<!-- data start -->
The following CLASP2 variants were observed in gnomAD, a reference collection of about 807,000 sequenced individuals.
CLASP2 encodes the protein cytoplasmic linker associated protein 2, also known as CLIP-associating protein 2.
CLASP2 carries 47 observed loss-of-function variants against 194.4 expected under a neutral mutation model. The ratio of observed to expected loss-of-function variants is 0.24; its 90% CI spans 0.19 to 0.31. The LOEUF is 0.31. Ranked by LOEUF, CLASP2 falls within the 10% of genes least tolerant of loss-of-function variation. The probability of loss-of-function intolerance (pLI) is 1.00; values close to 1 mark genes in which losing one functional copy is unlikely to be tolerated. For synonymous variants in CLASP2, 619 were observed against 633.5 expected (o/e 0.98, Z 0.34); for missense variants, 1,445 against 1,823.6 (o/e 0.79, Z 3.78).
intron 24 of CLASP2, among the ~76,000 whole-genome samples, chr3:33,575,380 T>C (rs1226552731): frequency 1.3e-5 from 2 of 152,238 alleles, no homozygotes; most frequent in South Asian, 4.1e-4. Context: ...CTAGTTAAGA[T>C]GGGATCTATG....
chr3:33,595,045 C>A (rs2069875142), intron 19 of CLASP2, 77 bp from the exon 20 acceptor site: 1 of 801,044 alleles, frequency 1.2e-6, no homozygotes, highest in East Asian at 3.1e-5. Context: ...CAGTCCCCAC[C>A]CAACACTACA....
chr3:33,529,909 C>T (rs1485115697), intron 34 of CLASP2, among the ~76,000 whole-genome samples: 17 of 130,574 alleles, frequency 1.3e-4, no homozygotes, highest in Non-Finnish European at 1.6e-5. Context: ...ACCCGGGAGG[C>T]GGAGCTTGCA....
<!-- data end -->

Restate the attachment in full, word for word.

The following CLASP2 variants were observed in gnomAD, a reference collection of about 807,000 sequenced individuals.
CLASP2 encodes the protein cytoplasmic linker associated protein 2, also known as CLIP-associating protein 2.
CLASP2 carries 47 observed loss-of-function variants against 194.4 expected under a neutral mutation model. The ratio of observed to expected loss-of-function variants is 0.24; its 90% CI spans 0.19 to 0.31. The LOEUF is 0.31. Ranked by LOEUF, CLASP2 falls within the 10% of genes least tolerant of loss-of-function variation. The probability of loss-of-function intolerance (pLI) is 1.00; values close to 1 mark genes in which losing one functional copy is unlikely to be tolerated. For synonymous variants in CLASP2, 619 were observed against 633.5 expected (o/e 0.98, Z 0.34); for missense variants, 1,445 against 1,823.6 (o/e 0.79, Z 3.78).
intron 24 of CLASP2, among the ~76,000 whole-genome samples, chr3:33,575,380 T>C (rs1226552731): frequency 1.3e-5 from 2 of 152,238 alleles, no homozygotes; most frequent in South Asian, 4.1e-4. Context: ...CTAGTTAAGA[T>C]GGGATCTATG....
chr3:33,595,045 C>A (rs2069875142), intron 19 of CLASP2, 77 bp from the exon 20 acceptor site: 1 of 801,044 alleles, frequency 1.2e-6, no homozygotes, highest in East Asian at 3.1e-5. Context: ...CAGTCCCCAC[C>A]CAACACTACA....
chr3:33,529,909 C>T (rs1485115697), intron 34 of CLASP2, among the ~76,000 whole-genome samples: 17 of 130,574 alleles, frequency 1.3e-4, no homozygotes, highest in Non-Finnish European at 1.6e-5. Context: ...ACCCGGGAGG[C>T]GGAGCTTGCA....